A 74-year-old female visited our hospital due to a 2 cm, painful, erythematous nodule with a small necrotic plug on her forehead, which had been resident for 2 days. She also complained of mild headache and denied trauma history. She had suffered for 5 years from diabetes mellitus, which was not aggressively controlled. She denied other known medical or psychiatric history. A diagnosis of carbuncle was made, and incision and drainage were performed. Oral cephradine and acetaminophen were prescribed. One day later, the patient visited our emergency room again due to progressive erythema and worsening headache. She had mild fever (37.7°C) and bilateral periorbital soft tissue swelling with local heat. Pus was noted oozing from the nodule. Laboratory data showed elevated white blood cell count (10.52×1,000 cells/μL) and C-reactive protein levels (78.90 mg/L). Preliminary diagnosis suspected cellulitis; she was admitted to Kaohsiung Municipal Ta-Tung Hospital, Kaohsiung, for further management. However, her headache kept worsening and interfered with her sleep over the next 2 days. She described the headache as severe, persistent aching all over her head, which was not associated with postural change. Nonsteroidal anti-inflammatory drugs and tramadol hydrochloride were administered but completely in vain. In the fear of central nervous system involvement, a neurologist was consulted. Thorough neurological examination revealed no specific findings. However, brain computed tomography (CT) was still arranged due to intractable headache. Brain CT showed no intracranial lesion, but subgaleal emphysema and abscess were suspected (Figure 1). A neurosurgeon was then consulted, and operative debridement was promptly arranged. During the operation, widespread subgaleal abscess was noted and drained. Cephalosporin was administered according to the pus culture, which revealed Klebsiella pneumoniae. The patient improved gradually after treatment.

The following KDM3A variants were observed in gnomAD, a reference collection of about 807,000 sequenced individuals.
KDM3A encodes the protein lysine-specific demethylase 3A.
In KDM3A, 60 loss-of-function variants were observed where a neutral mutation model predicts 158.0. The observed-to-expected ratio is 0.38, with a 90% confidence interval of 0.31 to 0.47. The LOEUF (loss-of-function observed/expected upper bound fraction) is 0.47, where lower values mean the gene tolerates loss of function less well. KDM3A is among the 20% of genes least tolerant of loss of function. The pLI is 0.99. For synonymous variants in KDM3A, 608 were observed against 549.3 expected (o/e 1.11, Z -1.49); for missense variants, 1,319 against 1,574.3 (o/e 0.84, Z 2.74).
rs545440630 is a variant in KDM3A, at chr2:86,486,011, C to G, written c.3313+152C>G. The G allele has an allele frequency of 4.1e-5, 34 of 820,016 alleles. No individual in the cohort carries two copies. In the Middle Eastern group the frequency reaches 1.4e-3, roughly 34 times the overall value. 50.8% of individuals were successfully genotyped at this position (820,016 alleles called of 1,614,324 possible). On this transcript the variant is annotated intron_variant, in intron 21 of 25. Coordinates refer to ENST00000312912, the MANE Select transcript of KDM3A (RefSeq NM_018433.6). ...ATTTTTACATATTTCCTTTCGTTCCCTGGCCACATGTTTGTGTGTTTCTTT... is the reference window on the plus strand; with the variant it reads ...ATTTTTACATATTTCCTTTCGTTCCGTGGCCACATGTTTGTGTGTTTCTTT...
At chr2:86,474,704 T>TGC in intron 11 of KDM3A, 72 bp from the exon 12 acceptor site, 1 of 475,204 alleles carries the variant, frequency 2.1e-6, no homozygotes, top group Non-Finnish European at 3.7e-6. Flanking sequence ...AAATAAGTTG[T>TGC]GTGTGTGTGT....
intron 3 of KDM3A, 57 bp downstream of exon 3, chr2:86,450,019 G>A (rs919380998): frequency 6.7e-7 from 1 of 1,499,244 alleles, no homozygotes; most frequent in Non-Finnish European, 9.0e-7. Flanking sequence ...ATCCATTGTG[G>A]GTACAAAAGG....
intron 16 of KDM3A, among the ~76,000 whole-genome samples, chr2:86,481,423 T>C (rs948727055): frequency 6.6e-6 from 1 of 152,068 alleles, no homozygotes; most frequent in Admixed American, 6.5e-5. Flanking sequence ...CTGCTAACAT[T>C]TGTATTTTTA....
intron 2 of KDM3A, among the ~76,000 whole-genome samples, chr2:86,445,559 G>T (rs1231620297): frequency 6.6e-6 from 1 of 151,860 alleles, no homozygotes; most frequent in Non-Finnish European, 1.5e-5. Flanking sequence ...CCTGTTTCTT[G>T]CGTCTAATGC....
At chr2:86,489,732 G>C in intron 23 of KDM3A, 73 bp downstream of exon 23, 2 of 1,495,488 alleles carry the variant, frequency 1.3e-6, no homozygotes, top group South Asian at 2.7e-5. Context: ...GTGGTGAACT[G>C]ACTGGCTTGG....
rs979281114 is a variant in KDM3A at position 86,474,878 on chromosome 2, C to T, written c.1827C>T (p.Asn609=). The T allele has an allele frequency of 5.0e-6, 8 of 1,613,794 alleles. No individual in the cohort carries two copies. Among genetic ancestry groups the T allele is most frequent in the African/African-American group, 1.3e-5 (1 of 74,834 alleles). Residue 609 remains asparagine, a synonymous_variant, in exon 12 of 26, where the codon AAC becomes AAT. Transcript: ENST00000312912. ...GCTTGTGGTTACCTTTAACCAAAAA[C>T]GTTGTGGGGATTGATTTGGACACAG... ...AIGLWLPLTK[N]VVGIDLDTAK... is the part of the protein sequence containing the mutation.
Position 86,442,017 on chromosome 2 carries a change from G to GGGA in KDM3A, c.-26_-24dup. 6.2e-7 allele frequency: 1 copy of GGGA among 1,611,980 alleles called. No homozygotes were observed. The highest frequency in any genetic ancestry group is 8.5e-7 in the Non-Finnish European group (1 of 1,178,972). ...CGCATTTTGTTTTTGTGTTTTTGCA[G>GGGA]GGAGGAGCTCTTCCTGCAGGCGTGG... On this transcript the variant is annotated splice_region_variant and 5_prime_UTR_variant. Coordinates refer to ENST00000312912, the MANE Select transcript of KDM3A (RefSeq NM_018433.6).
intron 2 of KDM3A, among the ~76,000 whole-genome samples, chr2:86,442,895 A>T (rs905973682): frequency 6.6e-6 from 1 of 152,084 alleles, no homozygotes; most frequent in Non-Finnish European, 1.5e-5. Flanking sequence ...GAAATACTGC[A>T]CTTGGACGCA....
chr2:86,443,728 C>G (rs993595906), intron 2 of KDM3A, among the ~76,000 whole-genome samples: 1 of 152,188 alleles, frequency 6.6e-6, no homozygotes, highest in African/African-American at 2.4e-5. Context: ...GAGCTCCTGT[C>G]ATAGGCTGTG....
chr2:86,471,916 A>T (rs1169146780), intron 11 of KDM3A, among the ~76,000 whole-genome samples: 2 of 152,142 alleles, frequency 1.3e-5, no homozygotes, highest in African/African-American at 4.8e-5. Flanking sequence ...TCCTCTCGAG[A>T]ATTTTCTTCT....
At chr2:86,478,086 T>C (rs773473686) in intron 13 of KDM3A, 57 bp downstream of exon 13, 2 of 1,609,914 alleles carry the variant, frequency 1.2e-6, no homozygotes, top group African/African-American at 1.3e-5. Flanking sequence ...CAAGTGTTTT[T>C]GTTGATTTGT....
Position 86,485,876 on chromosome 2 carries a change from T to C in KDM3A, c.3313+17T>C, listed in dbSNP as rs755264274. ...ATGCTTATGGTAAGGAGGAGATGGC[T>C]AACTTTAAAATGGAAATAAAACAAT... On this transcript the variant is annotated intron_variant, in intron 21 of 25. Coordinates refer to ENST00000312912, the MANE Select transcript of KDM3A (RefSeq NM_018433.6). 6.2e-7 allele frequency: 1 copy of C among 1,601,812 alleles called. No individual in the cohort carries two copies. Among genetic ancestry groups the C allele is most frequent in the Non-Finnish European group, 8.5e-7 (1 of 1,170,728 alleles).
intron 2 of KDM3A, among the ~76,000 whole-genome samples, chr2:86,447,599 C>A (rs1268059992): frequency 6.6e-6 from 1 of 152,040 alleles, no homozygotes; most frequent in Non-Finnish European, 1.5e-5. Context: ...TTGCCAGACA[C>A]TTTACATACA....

Figure 1 Subgaleal abscess in patient. Brain CT showed subcutaneous and subgaleal hypodensity indicating air and abscess (white arrow), later confirmed by operation.